Commentary on
William Logan’s ‘Malabar Manual’


QUOTE: But it very soon transpired that all that the Zamorin wanted was to get assistance against the Portuguese for the conquest of Cranganore and Cochin, and when the English ships left without assisting him, very scant courtesy was shown to the ten persons left behind, who were to have founded a factory at Calicut END OF QUOTE

The fact of the matter was that there was a general feeling among the various small-time rulers and those who mutinied against them, that a new set of mutually competing mercenaries had arrived from Continental Europe. However, when it came to connecting to the English, they were found to be of a very different mettle. First of all, they were not from Continental Europe. Second, their native language was planar. In every aspect they stood apart from the Continental Europeans, other than in their skin colour. However, on the English side, there were the Celtic language speakers also. Those who remained loyal to their Celtic tongue remained a chink in the English armour. Even William Logan was from this Celtic language group. Possibly Gaelic. However, it is not known as to how much he remained at home in this language.

QUOTE: From a very early period in its history the English Company had set its face against martial enterprises. END OF QUOTE

This is a very important information, which is totally ignored by formal historians. The English Company did not go develop a policy of belligerence.

QUOTE: So far indeed did the English Company carry this policy that they even forbade at times an appeal to arms by the factors for their own defence ; and the annoyances experienced in consequence of this were occasionally almost intolerable. But the strength of the Company lay in the admirable arrangements whereby they encouraged trade at their fortified settlements. END OF QUOTE

As a policy inside a semi-barbarian land which functioned on feudal languages, a soft approach was a very vulnerable one. For, in this language system, there is no premium value attached to politeness and good manners. For rude, cantankerous and ill-mannered behaviour was considered as of high social value. The pejorative forms of all words for You, He, She &c. were used to those who were seen as weak or polite. In fact, politeness itself was seen as weakness.

QUOTE: They established manufactures ; they attracted spinners and weavers and wealthy men to settle in their limits ; the settlers were liberally treated and their religious prejudices were tolerated ; the privacy of houses were respected by all classes and creeds; settlers were allowed to burn their dead and to observe their peculiar wedding ceremonies ; no compulsory efforts were made to spread Christianity, nor were the settlers set to uncongenial tasks ; shipping facilities were afforded ; armed vessels protected the shipping ; all manufactured goods were at first exempted from payment of duty ; the Company coined their own money ; and courts of justice were established ; security for life and property in short reigned within their limits END OF QUOTE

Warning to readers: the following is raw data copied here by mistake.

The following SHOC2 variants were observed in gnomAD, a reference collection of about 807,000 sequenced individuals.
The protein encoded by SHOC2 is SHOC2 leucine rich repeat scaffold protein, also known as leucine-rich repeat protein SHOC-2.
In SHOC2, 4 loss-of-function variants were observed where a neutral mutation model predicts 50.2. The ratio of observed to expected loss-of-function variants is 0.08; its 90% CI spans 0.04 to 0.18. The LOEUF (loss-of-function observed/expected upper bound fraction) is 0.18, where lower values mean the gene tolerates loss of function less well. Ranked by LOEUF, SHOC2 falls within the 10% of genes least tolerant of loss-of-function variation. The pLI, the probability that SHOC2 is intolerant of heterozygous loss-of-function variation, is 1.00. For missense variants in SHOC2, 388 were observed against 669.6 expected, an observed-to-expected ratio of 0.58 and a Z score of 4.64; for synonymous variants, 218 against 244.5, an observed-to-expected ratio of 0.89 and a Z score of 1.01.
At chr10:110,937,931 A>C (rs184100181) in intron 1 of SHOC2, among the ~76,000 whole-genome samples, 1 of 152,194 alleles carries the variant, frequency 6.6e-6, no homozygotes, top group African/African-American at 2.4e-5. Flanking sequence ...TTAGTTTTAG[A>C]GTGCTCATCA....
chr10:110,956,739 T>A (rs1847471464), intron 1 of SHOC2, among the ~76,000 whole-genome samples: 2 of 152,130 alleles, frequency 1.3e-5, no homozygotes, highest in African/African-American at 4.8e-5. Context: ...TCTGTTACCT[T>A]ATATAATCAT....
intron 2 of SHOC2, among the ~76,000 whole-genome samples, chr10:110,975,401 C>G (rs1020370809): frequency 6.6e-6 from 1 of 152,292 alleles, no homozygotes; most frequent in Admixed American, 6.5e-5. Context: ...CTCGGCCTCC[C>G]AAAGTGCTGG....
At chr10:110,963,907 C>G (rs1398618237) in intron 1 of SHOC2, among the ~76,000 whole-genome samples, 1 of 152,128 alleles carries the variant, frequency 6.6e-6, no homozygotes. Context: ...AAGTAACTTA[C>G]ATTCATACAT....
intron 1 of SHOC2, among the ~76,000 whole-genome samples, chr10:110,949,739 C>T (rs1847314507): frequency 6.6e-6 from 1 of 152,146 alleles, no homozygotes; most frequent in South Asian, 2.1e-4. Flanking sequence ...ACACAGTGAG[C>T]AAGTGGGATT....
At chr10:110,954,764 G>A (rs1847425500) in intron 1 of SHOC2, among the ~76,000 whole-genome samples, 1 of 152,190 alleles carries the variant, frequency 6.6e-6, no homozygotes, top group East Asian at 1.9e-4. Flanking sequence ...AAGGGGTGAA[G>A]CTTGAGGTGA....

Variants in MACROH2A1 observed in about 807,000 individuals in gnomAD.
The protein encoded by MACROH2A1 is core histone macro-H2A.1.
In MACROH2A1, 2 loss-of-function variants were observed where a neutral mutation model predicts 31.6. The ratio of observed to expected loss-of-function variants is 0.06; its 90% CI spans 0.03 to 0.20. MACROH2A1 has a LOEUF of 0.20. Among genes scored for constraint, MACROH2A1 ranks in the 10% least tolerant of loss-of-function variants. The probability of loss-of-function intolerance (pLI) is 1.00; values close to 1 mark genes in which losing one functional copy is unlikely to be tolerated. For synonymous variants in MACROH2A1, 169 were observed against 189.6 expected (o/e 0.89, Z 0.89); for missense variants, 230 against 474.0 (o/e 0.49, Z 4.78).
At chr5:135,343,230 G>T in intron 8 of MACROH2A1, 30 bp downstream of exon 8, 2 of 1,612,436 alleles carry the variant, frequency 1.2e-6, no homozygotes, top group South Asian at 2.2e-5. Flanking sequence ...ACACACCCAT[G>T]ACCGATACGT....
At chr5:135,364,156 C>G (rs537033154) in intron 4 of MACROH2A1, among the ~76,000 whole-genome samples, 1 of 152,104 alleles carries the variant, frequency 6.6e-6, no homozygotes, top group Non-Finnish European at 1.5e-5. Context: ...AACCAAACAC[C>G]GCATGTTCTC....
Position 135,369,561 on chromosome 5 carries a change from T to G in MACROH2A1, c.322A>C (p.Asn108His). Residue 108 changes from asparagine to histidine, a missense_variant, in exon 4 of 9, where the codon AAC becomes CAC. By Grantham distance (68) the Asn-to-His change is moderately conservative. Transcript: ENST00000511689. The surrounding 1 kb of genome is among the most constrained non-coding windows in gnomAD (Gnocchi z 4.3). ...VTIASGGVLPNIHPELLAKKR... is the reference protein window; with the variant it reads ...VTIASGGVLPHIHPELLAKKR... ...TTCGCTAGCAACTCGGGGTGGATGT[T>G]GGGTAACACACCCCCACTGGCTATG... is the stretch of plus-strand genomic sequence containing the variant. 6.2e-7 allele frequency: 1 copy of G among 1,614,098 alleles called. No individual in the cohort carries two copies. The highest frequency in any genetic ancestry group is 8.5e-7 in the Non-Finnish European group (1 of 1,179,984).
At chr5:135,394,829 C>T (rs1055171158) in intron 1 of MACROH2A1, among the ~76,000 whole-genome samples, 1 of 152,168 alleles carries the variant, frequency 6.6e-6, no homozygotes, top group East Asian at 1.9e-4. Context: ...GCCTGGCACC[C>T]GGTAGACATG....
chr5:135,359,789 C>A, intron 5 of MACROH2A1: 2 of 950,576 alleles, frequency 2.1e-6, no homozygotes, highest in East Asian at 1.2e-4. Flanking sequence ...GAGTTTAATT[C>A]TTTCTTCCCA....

The above words more or less denote what was some of the major differences that the English Company had from the others who were seen as from the same genre. But then the greatest of difference was that the English language was planar.

QUOTE: for the factors had perforce to study native character and to adapt themselves to it ; and in doing this they were unconsciously fitting themselves to become the future rulers of the empire. END OF QUOTE.

There is great foolishness in the above statement. And it is historically inaccurate. The English Company, to a great extent, did not compromise its standards to make it in sync with the local native character and systems. The native systems were connected to feudal languages, which view the whole social system in a hierarchical design. The native character was treachery, back-stabbing, rudeness, cheating, breaking of words etc. to those who were defined as lower in the verbal codes of the feudal languages.

The English Company took a most opposite standards in everything. In fact, as the Company became more established as a sovereign power in a major part of the subcontinent, it strove to make English the language of commerce, administration and education. The greatness of this attitude was that it naturally and spontaneously aims for the erasing of the rudeness in the native social cultures. These are things that formal historians miss out altogether.

QUOTE: Louis XIV had to publish an edict telling his courtiers it was not derogatory for a man of noble birth to trade to India. Men who had thus to be reminded of what "was or was not fitting to their position were not the men to push French interests successfully, and the English Company’s servants soon saw that the French men were poor men of business and not likely to prove successful rivals in trade. END OF TRADE

There is a great information in the above statement. It first of all gives an evidence that the French language was feudal. This is a great hindrance to the higher classes to interact with the lower classes. For, it would make them vulnerable to the insidious degrading the lower classes would force upon them.

However, in the case of the English also, the nobility would have some slight issues. But then, there is only one single You, Your, Yours, He, His, Him, She, Her, Hers etc. in English. So at this level of functioning there would be not much of a traumatic problem.

But then, when dealing with the natives of the South Asian subcontinent, the French would become more conscious of these issues than would the English. However, the Celtic persons in the English Company would be conscious of this. However, since the En